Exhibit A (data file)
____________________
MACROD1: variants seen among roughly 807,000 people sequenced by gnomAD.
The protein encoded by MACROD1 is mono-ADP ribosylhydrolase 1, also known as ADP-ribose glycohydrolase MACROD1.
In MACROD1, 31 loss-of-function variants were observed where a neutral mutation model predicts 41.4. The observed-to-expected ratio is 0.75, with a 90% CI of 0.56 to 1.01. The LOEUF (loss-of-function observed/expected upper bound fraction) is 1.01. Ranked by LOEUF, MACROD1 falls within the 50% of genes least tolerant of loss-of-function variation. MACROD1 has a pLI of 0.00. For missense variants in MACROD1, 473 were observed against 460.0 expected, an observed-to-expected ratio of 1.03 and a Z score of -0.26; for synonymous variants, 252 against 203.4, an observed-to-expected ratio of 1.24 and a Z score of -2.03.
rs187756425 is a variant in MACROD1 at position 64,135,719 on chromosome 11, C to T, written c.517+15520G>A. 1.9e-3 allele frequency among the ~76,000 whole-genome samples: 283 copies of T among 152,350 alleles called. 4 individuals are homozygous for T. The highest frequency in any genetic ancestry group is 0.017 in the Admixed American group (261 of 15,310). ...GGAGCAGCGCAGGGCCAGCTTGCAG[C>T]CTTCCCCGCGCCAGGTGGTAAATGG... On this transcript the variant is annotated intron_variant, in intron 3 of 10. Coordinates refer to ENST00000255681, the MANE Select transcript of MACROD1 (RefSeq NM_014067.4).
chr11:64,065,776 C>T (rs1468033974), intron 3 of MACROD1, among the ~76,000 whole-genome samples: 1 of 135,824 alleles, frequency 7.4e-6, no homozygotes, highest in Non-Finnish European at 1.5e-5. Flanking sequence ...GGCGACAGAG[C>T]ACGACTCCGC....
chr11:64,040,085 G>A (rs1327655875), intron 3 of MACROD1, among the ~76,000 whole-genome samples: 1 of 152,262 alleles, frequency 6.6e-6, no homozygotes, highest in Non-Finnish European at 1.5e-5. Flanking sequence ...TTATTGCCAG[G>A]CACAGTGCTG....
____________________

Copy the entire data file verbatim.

MACROD1: variants seen among roughly 807,000 people sequenced by gnomAD.
The protein encoded by MACROD1 is mono-ADP ribosylhydrolase 1, also known as ADP-ribose glycohydrolase MACROD1.
In MACROD1, 31 loss-of-function variants were observed where a neutral mutation model predicts 41.4. The observed-to-expected ratio is 0.75, with a 90% CI of 0.56 to 1.01. The LOEUF (loss-of-function observed/expected upper bound fraction) is 1.01. Ranked by LOEUF, MACROD1 falls within the 50% of genes least tolerant of loss-of-function variation. MACROD1 has a pLI of 0.00. For missense variants in MACROD1, 473 were observed against 460.0 expected, an observed-to-expected ratio of 1.03 and a Z score of -0.26; for synonymous variants, 252 against 203.4, an observed-to-expected ratio of 1.24 and a Z score of -2.03.
rs187756425 is a variant in MACROD1 at position 64,135,719 on chromosome 11, C to T, written c.517+15520G>A. 1.9e-3 allele frequency among the ~76,000 whole-genome samples: 283 copies of T among 152,350 alleles called. 4 individuals are homozygous for T. The highest frequency in any genetic ancestry group is 0.017 in the Admixed American group (261 of 15,310). ...GGAGCAGCGCAGGGCCAGCTTGCAG[C>T]CTTCCCCGCGCCAGGTGGTAAATGG... On this transcript the variant is annotated intron_variant, in intron 3 of 10. Coordinates refer to ENST00000255681, the MANE Select transcript of MACROD1 (RefSeq NM_014067.4).
chr11:64,065,776 C>T (rs1468033974), intron 3 of MACROD1, among the ~76,000 whole-genome samples: 1 of 135,824 alleles, frequency 7.4e-6, no homozygotes, highest in Non-Finnish European at 1.5e-5. Flanking sequence ...GGCGACAGAG[C>T]ACGACTCCGC....
chr11:64,040,085 G>A (rs1327655875), intron 3 of MACROD1, among the ~76,000 whole-genome samples: 1 of 152,262 alleles, frequency 6.6e-6, no homozygotes, highest in Non-Finnish European at 1.5e-5. Flanking sequence ...TTATTGCCAG[G>A]CACAGTGCTG....